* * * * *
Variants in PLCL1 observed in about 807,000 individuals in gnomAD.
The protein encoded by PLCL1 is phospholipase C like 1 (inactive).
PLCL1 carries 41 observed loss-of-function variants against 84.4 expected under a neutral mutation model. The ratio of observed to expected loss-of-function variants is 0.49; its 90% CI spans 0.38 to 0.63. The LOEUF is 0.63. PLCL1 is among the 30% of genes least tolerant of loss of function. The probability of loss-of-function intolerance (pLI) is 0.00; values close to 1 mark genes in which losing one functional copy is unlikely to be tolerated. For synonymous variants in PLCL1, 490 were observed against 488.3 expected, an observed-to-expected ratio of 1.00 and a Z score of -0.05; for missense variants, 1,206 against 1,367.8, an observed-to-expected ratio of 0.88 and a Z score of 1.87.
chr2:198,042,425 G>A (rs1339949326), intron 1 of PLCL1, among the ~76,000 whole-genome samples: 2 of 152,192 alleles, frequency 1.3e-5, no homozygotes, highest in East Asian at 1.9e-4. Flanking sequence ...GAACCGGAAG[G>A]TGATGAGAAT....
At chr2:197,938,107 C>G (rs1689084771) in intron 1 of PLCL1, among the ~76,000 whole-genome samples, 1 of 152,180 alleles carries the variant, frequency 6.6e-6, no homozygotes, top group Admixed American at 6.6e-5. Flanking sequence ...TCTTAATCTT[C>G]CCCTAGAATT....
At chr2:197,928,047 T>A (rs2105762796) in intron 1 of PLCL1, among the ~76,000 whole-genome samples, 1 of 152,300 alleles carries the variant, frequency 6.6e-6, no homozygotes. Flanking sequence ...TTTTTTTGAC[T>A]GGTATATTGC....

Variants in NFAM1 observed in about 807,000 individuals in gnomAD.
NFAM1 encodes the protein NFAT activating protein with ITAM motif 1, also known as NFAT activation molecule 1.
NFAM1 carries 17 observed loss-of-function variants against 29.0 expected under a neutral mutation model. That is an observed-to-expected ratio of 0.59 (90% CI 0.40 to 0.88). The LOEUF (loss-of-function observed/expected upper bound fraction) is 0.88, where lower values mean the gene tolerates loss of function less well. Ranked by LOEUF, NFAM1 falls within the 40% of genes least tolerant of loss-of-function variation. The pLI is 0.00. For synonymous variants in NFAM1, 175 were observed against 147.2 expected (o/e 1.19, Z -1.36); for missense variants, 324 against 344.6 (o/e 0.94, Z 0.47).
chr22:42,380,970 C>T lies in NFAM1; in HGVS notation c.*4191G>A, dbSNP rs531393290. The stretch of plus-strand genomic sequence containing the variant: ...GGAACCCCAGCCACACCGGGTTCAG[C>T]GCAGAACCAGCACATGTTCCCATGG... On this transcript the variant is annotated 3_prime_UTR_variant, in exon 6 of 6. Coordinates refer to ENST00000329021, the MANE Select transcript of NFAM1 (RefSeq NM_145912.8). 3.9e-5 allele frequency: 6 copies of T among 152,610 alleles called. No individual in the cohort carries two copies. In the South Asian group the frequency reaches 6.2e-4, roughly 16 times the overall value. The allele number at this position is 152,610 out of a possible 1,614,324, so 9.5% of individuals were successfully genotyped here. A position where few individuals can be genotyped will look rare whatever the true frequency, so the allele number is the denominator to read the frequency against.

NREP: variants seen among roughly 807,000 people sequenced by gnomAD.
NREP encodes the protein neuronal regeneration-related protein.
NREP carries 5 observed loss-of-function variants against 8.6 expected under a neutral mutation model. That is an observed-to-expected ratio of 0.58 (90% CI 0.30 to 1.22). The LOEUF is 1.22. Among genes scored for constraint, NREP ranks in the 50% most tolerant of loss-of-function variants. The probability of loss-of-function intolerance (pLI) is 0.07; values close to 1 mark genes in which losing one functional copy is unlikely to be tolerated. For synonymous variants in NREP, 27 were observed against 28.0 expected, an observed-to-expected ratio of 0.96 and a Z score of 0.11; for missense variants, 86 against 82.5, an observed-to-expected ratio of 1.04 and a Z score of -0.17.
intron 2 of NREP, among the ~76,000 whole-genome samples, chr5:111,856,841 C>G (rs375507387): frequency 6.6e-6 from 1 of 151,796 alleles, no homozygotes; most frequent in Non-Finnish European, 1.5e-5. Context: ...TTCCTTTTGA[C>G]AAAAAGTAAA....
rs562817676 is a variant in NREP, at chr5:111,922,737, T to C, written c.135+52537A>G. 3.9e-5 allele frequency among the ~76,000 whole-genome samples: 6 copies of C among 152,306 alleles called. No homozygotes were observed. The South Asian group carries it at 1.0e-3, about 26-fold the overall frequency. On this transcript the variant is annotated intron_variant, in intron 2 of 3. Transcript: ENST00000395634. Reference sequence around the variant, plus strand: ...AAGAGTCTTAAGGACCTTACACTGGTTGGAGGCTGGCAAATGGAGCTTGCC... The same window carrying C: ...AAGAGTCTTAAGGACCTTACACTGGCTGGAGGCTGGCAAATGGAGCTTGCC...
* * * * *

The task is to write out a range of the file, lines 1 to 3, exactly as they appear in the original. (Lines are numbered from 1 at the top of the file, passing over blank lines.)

Variants in PLCL1 observed in about 807,000 individuals in gnomAD.
The protein encoded by PLCL1 is phospholipase C like 1 (inactive).
PLCL1 carries 41 observed loss-of-function variants against 84.4 expected under a neutral mutation model. The ratio of observed to expected loss-of-function variants is 0.49; its 90% CI spans 0.38 to 0.63. The LOEUF is 0.63. PLCL1 is among the 30% of genes least tolerant of loss of function. The probability of loss-of-function intolerance (pLI) is 0.00; values close to 1 mark genes in which losing one functional copy is unlikely to be tolerated. For synonymous variants in PLCL1, 490 were observed against 488.3 expected, an observed-to-expected ratio of 1.00 and a Z score of -0.05; for missense variants, 1,206 against 1,367.8, an observed-to-expected ratio of 0.88 and a Z score of 1.87.